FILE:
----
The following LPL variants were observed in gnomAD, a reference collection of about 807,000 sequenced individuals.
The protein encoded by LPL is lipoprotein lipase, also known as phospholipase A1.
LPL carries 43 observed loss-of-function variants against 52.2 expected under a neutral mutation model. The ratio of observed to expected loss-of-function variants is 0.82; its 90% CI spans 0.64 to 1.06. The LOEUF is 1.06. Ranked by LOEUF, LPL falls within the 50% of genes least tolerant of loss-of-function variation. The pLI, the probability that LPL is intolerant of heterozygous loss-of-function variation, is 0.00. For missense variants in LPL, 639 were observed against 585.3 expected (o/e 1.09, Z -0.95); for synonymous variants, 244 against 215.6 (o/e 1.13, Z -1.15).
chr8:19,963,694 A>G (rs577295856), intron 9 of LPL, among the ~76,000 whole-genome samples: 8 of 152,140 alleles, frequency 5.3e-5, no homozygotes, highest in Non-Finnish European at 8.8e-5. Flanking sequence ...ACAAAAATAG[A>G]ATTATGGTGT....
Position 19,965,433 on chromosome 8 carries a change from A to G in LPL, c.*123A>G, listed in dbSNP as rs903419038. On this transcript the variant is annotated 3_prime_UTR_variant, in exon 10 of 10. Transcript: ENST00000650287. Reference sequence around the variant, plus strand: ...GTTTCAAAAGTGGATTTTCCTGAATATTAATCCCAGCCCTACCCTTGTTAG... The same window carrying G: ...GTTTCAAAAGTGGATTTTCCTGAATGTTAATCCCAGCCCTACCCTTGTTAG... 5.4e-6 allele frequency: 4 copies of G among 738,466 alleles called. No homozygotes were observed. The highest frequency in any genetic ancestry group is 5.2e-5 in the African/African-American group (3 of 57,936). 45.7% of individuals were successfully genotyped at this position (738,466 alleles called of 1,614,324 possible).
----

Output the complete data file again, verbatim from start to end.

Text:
The following LPL variants were observed in gnomAD, a reference collection of about 807,000 sequenced individuals.
The protein encoded by LPL is lipoprotein lipase, also known as phospholipase A1.
LPL carries 43 observed loss-of-function variants against 52.2 expected under a neutral mutation model. The ratio of observed to expected loss-of-function variants is 0.82; its 90% CI spans 0.64 to 1.06. The LOEUF is 1.06. Ranked by LOEUF, LPL falls within the 50% of genes least tolerant of loss-of-function variation. The pLI, the probability that LPL is intolerant of heterozygous loss-of-function variation, is 0.00. For missense variants in LPL, 639 were observed against 585.3 expected (o/e 1.09, Z -0.95); for synonymous variants, 244 against 215.6 (o/e 1.13, Z -1.15).
chr8:19,963,694 A>G (rs577295856), intron 9 of LPL, among the ~76,000 whole-genome samples: 8 of 152,140 alleles, frequency 5.3e-5, no homozygotes, highest in Non-Finnish European at 8.8e-5. Flanking sequence ...ACAAAAATAG[A>G]ATTATGGTGT....
Position 19,965,433 on chromosome 8 carries a change from A to G in LPL, c.*123A>G, listed in dbSNP as rs903419038. On this transcript the variant is annotated 3_prime_UTR_variant, in exon 10 of 10. Transcript: ENST00000650287. Reference sequence around the variant, plus strand: ...GTTTCAAAAGTGGATTTTCCTGAATATTAATCCCAGCCCTACCCTTGTTAG... The same window carrying G: ...GTTTCAAAAGTGGATTTTCCTGAATGTTAATCCCAGCCCTACCCTTGTTAG... 5.4e-6 allele frequency: 4 copies of G among 738,466 alleles called. No homozygotes were observed. The highest frequency in any genetic ancestry group is 5.2e-5 in the African/African-American group (3 of 57,936). 45.7% of individuals were successfully genotyped at this position (738,466 alleles called of 1,614,324 possible).